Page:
[N]ow that the Winter Olympics in Russia are behind us, the world's attention is moving to Brazil, host of the 2014 World Cup.
While I haven't been to Brazil (yet), I did have the experience of landing in Paris the same day France beat Brazil in the 1998 World Cup Final.
Marching through the streets amongst so many ecstatic, singing, firecracker-throwing French men and women was an experience I'll never forget.
For that moment, Paris was the center of the universe, and I was right there in the middle of it.
Will Brazilians have the same opportunity to celebrate a World Cup victory on their home turf in Rio July 13?
For those heading to Brazil's #1 city to partake in the world's biggest sporting event this June and July, I have some advice to share, and it applies whether or not you actually plan to attend matches in person.
Soccer fanatics from around the world started planning their trips to Rio years ago, so if you're just starting to think about it now, you're playing catch-up.
I recommend arriving in Rio as early as possible for numerous reasons.
First, you'll be in a better position to pin down decent accommodation at a reasonable rate.
If you're going months ahead of time, you can try to negotiate a good deal on an apartment, and avoid the double, triple and even quadruple mark-ups on hotels, hostels and short-term apartment rentals.
My friend Gareth arrived in early January, giving him six months to experience the city, and learn his way around before the rest of the world arrives.
Second, you'll have time to connect with a Rio tour guide who can help acquaint you with the city. There's more to Rio than the famous beaches of Copacabana and Ipanema.
A good guide can tailor a tour to suit your interests and curiosities, and many are also multilingual (French readers may want to check out this Guide à Rio).
Third, it gives you a chance to make local friends, which will make watching the Brazilian matches a heck of a lot more fun than if you're in a bar full of gringos.
Be Patient, Be Flexible
Despite improvements, Rio's infrastructure is going to be under a lot of stress as people move around the city during the course of the World Cup.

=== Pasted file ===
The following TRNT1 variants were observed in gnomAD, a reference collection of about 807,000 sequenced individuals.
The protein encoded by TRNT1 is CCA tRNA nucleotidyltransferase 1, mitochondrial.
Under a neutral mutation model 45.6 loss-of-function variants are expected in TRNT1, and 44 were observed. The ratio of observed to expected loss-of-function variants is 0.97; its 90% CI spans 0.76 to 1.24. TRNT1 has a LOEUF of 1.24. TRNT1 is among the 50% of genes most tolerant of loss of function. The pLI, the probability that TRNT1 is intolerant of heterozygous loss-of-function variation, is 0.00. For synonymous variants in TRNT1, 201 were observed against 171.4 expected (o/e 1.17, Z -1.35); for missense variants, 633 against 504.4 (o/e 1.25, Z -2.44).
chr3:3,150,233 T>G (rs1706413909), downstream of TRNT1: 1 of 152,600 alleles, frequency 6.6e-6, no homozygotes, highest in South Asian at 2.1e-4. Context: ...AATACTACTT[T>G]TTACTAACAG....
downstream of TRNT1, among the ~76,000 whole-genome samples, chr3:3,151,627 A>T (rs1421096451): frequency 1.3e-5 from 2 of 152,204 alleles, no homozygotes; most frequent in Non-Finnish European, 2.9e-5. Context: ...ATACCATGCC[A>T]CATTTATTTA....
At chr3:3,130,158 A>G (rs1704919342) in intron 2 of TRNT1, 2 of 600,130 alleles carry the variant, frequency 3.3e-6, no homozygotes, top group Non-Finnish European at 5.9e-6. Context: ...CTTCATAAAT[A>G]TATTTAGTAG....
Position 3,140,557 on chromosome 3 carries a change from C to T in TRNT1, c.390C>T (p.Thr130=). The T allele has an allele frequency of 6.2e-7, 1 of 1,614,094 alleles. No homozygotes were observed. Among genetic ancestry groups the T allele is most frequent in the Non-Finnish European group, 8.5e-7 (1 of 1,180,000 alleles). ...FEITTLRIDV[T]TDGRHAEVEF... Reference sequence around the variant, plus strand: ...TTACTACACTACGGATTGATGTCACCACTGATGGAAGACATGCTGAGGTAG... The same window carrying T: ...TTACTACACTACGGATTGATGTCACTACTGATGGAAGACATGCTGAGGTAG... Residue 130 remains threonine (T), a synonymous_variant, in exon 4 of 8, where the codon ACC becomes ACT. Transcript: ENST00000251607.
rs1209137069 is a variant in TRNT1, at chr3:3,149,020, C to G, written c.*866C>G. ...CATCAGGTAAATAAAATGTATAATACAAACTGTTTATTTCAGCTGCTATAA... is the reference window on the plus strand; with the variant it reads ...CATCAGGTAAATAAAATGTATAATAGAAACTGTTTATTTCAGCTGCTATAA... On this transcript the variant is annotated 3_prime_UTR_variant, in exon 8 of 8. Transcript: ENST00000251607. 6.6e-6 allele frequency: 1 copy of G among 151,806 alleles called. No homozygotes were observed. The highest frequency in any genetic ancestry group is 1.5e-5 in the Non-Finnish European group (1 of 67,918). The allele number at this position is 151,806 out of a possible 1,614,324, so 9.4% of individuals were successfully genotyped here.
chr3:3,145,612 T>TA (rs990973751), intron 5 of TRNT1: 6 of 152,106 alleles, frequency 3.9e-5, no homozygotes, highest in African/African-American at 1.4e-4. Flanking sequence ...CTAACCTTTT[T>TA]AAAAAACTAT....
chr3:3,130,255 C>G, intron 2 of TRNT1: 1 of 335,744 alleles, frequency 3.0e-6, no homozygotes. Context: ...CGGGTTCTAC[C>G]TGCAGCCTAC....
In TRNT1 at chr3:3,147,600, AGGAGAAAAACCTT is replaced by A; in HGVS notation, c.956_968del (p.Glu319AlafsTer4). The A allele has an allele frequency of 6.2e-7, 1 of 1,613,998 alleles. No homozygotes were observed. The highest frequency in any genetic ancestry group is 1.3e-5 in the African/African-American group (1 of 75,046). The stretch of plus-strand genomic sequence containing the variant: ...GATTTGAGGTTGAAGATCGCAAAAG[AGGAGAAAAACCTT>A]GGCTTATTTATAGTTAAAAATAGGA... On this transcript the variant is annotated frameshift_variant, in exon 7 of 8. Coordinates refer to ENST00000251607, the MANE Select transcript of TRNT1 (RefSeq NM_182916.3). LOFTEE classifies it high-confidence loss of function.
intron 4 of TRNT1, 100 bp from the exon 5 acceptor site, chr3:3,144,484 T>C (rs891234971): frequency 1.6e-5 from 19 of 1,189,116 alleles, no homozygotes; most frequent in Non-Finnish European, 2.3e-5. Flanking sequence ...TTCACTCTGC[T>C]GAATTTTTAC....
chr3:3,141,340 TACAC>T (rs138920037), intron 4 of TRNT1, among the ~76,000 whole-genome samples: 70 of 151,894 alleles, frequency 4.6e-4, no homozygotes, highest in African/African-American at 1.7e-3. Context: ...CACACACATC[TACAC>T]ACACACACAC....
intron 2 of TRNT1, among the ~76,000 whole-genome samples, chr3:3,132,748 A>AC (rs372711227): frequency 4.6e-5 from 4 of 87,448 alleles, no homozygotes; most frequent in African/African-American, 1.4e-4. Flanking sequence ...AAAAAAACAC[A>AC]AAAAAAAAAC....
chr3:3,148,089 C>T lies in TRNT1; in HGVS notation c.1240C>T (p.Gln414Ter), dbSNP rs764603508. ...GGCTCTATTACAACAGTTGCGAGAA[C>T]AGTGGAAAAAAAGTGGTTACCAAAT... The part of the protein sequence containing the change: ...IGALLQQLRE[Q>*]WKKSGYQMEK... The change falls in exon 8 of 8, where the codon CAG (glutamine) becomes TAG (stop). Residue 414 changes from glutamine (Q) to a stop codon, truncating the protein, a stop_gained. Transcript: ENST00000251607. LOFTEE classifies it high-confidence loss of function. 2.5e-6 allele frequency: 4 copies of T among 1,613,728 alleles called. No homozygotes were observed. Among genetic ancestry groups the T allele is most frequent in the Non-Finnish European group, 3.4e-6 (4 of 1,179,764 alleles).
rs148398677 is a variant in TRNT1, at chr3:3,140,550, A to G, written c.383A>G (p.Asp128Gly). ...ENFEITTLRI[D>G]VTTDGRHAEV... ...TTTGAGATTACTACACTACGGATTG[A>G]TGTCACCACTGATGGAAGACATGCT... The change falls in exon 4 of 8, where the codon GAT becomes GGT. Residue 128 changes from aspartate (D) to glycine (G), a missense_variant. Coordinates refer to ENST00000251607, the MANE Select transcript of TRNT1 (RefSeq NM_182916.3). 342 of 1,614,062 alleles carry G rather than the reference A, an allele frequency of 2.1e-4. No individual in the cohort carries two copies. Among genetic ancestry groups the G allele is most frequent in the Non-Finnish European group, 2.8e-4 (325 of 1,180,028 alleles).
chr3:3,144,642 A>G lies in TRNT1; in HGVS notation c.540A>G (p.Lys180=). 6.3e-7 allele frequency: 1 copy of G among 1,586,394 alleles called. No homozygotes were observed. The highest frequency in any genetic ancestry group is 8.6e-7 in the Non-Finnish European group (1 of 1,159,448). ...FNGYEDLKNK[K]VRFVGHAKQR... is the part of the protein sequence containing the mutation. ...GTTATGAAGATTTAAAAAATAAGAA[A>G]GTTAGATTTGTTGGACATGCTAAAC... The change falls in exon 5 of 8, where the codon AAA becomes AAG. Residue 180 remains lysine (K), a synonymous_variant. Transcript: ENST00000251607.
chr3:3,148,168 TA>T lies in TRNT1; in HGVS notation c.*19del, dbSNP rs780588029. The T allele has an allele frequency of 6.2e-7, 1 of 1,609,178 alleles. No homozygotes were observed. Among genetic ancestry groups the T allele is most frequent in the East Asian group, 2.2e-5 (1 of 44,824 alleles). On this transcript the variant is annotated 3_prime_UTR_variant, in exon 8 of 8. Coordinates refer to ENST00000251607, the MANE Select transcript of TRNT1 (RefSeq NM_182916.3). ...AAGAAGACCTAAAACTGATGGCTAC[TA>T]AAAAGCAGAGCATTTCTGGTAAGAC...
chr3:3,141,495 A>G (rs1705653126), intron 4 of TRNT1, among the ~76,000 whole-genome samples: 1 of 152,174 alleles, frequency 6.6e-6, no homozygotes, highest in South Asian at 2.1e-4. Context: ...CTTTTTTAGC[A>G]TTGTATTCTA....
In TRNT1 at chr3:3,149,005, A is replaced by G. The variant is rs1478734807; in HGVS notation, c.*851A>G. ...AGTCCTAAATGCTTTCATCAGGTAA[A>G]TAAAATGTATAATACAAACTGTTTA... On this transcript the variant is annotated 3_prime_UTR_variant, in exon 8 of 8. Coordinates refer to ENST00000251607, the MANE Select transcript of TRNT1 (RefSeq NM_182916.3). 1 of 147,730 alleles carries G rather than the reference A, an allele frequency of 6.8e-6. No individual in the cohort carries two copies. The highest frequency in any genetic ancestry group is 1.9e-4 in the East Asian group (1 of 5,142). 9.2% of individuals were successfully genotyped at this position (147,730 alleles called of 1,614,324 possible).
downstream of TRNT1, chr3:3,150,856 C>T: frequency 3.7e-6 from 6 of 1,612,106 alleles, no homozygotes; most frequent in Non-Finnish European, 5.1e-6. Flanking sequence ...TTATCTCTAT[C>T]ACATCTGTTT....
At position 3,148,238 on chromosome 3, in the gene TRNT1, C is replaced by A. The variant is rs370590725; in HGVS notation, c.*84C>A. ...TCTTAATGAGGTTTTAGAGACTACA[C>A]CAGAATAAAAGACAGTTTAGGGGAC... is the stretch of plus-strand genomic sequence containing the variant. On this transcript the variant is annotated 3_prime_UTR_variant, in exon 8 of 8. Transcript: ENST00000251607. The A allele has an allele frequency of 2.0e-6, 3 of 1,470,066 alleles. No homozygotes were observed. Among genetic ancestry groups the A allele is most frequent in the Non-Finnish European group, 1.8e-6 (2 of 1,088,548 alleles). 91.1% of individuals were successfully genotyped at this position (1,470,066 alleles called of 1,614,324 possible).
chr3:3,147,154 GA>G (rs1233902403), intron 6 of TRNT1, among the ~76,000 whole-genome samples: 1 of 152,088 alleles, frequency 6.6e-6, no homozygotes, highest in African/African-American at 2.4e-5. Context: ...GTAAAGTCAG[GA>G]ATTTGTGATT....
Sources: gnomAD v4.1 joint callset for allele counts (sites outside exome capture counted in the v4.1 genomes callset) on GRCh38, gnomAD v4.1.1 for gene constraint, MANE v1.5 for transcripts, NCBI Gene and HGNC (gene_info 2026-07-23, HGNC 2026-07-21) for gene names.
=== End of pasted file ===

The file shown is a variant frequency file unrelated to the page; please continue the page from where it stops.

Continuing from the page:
It may lighten up a little as the tournament continues, and teams fail to advance, but with the Final happening there, it's likely to be crowded until the very end.
In Paris 16 years ago, there were a lot of drivers honking their horns during the day, and some stranger on the street threw a lit firecracker next to me. When it exploded, my ears immediately began to ring, and I wanted to slug the guy.
After a long afternoon of searching for accommodation because we didn't reserve a room ahead of time, we finally settled for a relatively cheap, mouse-ridden hotel near a northern train station.
It was not our first, or even fifth choice, but with the hostels all booked we were lucky to find anything.
Attending a World Cup event requires a lot of advance planning and money, unless you take the completely opposite approach and arrive last-minute, relying on friends or simply good luck like I did.
However you arrive in Rio for the 2014 World Cup, make the most of your time there, because it'll truly be a once-in-a-lifetime experience.
And if we have any French soccer fans heading over to Rio to cheer on their country's team, be sure and check out Guide Rio for support.
This post was brought to you by My Rio Travel Guide.
Last Updated on June 7, 2016 by Maria Laborde